Flower of Caper - Capparis Spinosa (Capparaceae)

Medicinal Use of Caper – Capparis Spinosa (Capparaceae)


Shrub growing to 3 ft (1 m), with spiny trailing stems, fleshy oval leaves, green buds, large white flowers, and red berries in autumn.

Habitat & Cultivation

Native to the Mediterranean region, caper thrives in open areas, often growing on stony terrain. The buds are harvested before the flowers open and are pickled for culinary use.

Parts Used

Root bark, bark, flower buds.


Contains phenolic compounds.

History & Folklore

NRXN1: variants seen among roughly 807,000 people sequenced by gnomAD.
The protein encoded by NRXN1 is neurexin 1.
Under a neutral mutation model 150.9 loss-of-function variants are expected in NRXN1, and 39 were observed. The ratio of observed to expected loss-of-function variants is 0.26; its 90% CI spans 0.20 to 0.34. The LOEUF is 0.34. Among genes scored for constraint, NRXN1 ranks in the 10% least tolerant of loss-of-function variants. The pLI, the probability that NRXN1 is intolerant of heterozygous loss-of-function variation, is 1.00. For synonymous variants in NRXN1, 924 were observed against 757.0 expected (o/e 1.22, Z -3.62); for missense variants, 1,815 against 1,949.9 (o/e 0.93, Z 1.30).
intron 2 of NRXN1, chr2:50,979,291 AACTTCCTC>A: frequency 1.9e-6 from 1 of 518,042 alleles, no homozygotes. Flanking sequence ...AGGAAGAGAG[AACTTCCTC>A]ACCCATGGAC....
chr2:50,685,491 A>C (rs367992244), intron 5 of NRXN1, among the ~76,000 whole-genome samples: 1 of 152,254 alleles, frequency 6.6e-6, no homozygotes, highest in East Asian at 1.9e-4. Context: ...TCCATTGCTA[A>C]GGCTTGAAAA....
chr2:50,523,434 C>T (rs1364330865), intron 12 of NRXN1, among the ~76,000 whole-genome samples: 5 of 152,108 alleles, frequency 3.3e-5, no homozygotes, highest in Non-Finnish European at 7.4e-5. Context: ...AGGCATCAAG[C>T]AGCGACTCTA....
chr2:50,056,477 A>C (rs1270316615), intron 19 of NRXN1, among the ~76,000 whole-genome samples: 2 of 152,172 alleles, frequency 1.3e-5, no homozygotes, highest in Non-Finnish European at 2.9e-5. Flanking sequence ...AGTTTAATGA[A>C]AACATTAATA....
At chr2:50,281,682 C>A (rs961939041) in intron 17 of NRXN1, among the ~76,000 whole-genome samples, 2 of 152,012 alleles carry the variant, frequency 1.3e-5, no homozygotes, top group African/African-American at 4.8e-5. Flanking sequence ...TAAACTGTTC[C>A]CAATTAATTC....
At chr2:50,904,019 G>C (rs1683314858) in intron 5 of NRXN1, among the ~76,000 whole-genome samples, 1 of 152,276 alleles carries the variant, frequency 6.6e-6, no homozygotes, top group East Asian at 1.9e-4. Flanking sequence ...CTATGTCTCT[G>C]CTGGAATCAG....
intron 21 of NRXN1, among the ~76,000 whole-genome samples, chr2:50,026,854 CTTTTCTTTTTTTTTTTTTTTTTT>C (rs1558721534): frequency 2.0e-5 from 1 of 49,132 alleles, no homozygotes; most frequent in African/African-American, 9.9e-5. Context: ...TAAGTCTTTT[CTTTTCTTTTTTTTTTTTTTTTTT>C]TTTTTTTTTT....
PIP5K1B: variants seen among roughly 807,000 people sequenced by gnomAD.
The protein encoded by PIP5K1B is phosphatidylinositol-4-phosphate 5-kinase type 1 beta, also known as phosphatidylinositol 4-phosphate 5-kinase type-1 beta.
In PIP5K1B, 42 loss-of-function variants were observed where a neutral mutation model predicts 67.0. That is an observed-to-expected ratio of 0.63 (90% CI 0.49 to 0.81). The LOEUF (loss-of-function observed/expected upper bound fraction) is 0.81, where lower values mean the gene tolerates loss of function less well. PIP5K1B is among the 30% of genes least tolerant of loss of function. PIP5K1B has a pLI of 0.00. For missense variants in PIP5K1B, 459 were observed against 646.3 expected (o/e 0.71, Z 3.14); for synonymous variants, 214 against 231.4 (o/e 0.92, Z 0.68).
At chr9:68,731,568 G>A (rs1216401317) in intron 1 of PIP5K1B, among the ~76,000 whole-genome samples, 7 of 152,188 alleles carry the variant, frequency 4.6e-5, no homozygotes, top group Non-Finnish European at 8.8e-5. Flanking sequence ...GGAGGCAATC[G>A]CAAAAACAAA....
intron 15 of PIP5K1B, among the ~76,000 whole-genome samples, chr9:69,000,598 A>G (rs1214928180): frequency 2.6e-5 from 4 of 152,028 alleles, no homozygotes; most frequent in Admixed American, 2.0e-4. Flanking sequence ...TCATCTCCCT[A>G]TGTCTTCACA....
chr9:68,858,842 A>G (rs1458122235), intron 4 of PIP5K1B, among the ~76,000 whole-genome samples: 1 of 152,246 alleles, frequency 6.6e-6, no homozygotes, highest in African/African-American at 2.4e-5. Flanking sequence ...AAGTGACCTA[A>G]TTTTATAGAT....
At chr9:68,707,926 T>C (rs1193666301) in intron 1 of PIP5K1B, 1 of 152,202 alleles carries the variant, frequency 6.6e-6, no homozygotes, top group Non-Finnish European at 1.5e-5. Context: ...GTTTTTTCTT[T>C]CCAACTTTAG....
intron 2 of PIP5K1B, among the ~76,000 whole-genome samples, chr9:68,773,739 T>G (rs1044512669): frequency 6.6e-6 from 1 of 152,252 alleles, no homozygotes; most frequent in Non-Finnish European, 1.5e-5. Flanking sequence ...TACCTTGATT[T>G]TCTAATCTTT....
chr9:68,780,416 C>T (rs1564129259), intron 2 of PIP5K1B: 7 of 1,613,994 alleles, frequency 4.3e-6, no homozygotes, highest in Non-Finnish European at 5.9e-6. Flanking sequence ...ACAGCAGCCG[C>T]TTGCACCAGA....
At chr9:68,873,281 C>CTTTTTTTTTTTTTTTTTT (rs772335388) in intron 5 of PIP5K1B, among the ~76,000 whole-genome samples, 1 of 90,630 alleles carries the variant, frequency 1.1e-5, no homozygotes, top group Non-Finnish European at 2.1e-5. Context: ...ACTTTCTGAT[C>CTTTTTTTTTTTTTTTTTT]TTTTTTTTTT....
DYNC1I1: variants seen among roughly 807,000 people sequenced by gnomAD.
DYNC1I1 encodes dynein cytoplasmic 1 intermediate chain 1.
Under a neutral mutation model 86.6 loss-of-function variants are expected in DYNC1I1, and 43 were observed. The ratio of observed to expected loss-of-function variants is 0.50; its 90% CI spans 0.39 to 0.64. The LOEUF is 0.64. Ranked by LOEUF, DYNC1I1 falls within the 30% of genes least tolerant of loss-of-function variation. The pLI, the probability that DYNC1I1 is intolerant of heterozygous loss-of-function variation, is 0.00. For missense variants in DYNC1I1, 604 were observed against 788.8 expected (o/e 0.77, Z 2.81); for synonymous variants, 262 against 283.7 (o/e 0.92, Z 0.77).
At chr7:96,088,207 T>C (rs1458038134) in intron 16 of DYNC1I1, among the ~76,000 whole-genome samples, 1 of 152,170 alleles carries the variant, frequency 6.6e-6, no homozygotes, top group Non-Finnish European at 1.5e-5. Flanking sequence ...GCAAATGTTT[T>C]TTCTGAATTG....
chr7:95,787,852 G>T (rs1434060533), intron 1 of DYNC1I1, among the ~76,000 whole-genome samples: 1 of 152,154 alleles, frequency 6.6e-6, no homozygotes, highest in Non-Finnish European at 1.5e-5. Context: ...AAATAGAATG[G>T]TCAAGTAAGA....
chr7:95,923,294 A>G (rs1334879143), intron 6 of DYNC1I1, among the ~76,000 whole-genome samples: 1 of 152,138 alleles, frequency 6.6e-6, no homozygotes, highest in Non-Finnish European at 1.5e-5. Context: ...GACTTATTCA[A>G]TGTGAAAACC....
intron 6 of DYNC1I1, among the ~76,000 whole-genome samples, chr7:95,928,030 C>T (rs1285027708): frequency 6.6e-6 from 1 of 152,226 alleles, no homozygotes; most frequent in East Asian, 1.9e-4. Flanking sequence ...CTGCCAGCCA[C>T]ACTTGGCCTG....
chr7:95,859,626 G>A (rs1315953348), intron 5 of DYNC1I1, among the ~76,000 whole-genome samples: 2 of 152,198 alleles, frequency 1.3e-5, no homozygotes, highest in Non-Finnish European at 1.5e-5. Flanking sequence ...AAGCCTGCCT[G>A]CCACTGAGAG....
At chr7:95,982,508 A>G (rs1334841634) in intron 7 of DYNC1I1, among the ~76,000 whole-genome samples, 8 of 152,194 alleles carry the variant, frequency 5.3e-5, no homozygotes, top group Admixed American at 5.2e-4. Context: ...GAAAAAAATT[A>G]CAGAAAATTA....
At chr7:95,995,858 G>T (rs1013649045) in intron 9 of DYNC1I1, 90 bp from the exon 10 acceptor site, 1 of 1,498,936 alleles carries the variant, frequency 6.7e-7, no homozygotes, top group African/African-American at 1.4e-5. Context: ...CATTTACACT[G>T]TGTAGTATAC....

Though much favored as a piquant food by the ancient Greeks, capers were said to disagree with the stomach. They remain a popular condiment to this day.

Medicinal Actions & Uses

The unopened flower buds are laxative and, if prepared correctly with vinegar, are thought to ease stomach pain. The bark is bitter and diuretic and can be taken immediately before meals to increase the appetite. The root bark is purifying and stops internal bleeding. It is used to treat skin conditions,

capillary weakness, and easy bruising, and is also used in cosmetic preparations. A decoction of the plant is used to treat yeast and vaginal infections such as candidiasis.

Related Species

A decoction of the North American C. cynophallophora is taken to encourage the onset of menstruation, and is used as a gargle for throat infections.